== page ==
A day in Paris is never enough, will never be enough… The City of Lights – beautiful, cosmopolitan, chic, and sprawling – has so much to explore and experience and I would never dream that I could take it all in between sunrise and sunset. But I like a challenge, and I love a city that leaves me wanting more.
On a trip to London last summer, on a whim, we decided that we couldn’t be so close and pass up the opportunity to see Paris, a place neither of us had been yet. We woke up at the crack of dawn and caught the Eurostar – the high speed train connecting London with continental Europe – and were in Paris by 8:00 am… groggy but wide-eyed and excited.
Our first stop? Le Musee du Louvre, the worlds most visited and perhaps most famous fine art museum, with over nine-million visitors a year. For comparison, that is more annual visitors than the entire destination state Hawai’i.
We made the famous museum our first stop out of practicality. With one of the largest collections in the world, displaying over 70,000 pieces, we wanted to a lot it the time it deserved. As we approached the courtyard of the museum, crowded with tourists here for Paris’ busy season, it was hard not to be struck by the architecture. The museum building, a lavish Renaissance-style palace laden with beautiful arches and columns, is itself a piece of art, designed by many of the best architects of the 16th century. It is mind-blowing that something so beautiful and so large, built so many years ago would stand in pristine form in front of us today.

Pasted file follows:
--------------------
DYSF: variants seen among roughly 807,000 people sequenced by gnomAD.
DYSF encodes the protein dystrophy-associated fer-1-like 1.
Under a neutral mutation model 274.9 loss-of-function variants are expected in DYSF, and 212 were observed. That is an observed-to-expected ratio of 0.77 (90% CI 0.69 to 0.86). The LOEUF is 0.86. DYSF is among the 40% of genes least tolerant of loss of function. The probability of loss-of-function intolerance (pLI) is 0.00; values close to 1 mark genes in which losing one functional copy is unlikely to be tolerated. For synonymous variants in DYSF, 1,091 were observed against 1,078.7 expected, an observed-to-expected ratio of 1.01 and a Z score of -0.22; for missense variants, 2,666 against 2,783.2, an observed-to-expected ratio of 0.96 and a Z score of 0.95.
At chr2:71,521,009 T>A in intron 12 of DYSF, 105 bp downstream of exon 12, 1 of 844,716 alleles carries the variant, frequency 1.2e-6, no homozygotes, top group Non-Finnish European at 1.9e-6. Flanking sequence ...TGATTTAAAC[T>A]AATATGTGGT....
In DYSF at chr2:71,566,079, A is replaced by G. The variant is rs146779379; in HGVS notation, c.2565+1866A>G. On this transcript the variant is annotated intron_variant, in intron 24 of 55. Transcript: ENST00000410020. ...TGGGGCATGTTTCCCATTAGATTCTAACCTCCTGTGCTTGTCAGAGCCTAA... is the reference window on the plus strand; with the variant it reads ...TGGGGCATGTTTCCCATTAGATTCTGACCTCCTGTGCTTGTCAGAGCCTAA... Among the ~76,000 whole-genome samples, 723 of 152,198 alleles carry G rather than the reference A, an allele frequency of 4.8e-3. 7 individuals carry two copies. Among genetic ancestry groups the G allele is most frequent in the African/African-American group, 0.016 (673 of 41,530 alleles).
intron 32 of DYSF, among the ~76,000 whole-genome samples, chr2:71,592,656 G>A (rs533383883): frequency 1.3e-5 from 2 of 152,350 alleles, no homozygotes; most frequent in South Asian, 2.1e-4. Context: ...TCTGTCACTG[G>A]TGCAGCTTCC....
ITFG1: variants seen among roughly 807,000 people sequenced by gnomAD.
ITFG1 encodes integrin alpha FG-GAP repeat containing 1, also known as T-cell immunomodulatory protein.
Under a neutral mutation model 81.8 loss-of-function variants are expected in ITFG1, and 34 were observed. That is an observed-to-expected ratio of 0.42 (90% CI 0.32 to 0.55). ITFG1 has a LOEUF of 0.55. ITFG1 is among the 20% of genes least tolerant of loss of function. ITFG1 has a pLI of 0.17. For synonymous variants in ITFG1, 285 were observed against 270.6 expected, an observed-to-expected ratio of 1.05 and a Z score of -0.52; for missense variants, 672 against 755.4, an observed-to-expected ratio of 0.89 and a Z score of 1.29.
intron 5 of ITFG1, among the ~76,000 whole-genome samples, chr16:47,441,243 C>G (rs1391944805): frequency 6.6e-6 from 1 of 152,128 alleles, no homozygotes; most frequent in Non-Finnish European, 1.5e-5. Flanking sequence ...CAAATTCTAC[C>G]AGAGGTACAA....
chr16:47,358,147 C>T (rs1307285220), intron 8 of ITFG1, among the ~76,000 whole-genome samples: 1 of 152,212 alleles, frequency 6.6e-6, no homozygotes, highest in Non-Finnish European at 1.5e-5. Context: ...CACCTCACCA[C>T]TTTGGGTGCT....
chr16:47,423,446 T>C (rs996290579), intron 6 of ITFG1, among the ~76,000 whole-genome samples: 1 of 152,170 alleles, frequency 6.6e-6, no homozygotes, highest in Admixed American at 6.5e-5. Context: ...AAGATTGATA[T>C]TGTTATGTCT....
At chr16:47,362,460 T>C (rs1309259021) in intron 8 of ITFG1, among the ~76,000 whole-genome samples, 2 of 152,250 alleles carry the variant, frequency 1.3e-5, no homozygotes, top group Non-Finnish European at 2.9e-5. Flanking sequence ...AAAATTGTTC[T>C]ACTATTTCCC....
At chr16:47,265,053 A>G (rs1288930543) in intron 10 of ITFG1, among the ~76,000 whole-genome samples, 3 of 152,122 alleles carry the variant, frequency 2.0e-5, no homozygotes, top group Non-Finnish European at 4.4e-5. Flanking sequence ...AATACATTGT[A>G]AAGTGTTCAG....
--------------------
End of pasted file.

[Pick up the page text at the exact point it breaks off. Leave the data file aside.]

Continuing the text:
We descended into the entrance foyer under the The Glass Pyramid, – an homage to modernism of steel and reflective glass – a stark contrast to the building itself. Inside the renaissance decadence continued with gold moldings, grand mural sized paintings, Greco-Roman inspired sculptures and of course, The Louvre’s crown jewel, The Mona Lisa.
We knew we were approaching the Mona Lisa from the crowds that surrounded her. The portrait was surrounded by yards of densely packed tourists and art-lovers, many with outstretched phones and cameras wrestling for a photo. We jostled our way to the front, spurred on by the anticipation of seeing the world’s most famous painting, and when we got their found ourselves standing in front of a dreary 30 by 20 inch disappointment. It seemed confusing to me that something so small and seemingly plain should be the museum’s central attraction when the place is packed with 650,000 square feet of overwhelming murals, large vibrant paintings of historic scenes, grandiose portraits, marble sculpted gods and goddesses. Perhaps it is the understatement that is the attraction. However, I found myself underwhelmed.